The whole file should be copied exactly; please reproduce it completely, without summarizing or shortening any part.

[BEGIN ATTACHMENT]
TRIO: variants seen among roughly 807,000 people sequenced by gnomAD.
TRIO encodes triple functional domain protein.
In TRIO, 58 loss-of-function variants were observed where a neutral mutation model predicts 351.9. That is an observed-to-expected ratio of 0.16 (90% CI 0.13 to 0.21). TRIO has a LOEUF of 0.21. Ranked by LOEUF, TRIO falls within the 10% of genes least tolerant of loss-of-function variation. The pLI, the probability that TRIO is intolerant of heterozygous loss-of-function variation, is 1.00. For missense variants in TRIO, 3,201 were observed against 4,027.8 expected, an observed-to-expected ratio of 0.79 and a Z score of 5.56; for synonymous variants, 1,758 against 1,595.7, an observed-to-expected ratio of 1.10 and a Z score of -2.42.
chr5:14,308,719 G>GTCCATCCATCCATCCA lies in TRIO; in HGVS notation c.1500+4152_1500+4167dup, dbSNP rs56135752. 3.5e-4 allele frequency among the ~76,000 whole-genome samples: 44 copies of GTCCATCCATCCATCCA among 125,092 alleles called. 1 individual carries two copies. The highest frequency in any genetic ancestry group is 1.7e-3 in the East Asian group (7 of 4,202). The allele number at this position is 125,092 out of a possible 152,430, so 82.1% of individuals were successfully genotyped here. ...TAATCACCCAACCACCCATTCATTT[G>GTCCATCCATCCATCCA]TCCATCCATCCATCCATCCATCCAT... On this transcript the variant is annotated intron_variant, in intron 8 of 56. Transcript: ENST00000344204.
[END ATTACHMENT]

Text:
TRIO: variants seen among roughly 807,000 people sequenced by gnomAD.
TRIO encodes triple functional domain protein.
In TRIO, 58 loss-of-function variants were observed where a neutral mutation model predicts 351.9. That is an observed-to-expected ratio of 0.16 (90% CI 0.13 to 0.21). TRIO has a LOEUF of 0.21. Ranked by LOEUF, TRIO falls within the 10% of genes least tolerant of loss-of-function variation. The pLI, the probability that TRIO is intolerant of heterozygous loss-of-function variation, is 1.00. For missense variants in TRIO, 3,201 were observed against 4,027.8 expected, an observed-to-expected ratio of 0.79 and a Z score of 5.56; for synonymous variants, 1,758 against 1,595.7, an observed-to-expected ratio of 1.10 and a Z score of -2.42.
chr5:14,308,719 G>GTCCATCCATCCATCCA lies in TRIO; in HGVS notation c.1500+4152_1500+4167dup, dbSNP rs56135752. 3.5e-4 allele frequency among the ~76,000 whole-genome samples: 44 copies of GTCCATCCATCCATCCA among 125,092 alleles called. 1 individual carries two copies. The highest frequency in any genetic ancestry group is 1.7e-3 in the East Asian group (7 of 4,202). The allele number at this position is 125,092 out of a possible 152,430, so 82.1% of individuals were successfully genotyped here. ...TAATCACCCAACCACCCATTCATTT[G>GTCCATCCATCCATCCA]TCCATCCATCCATCCATCCATCCAT... On this transcript the variant is annotated intron_variant, in intron 8 of 56. Transcript: ENST00000344204.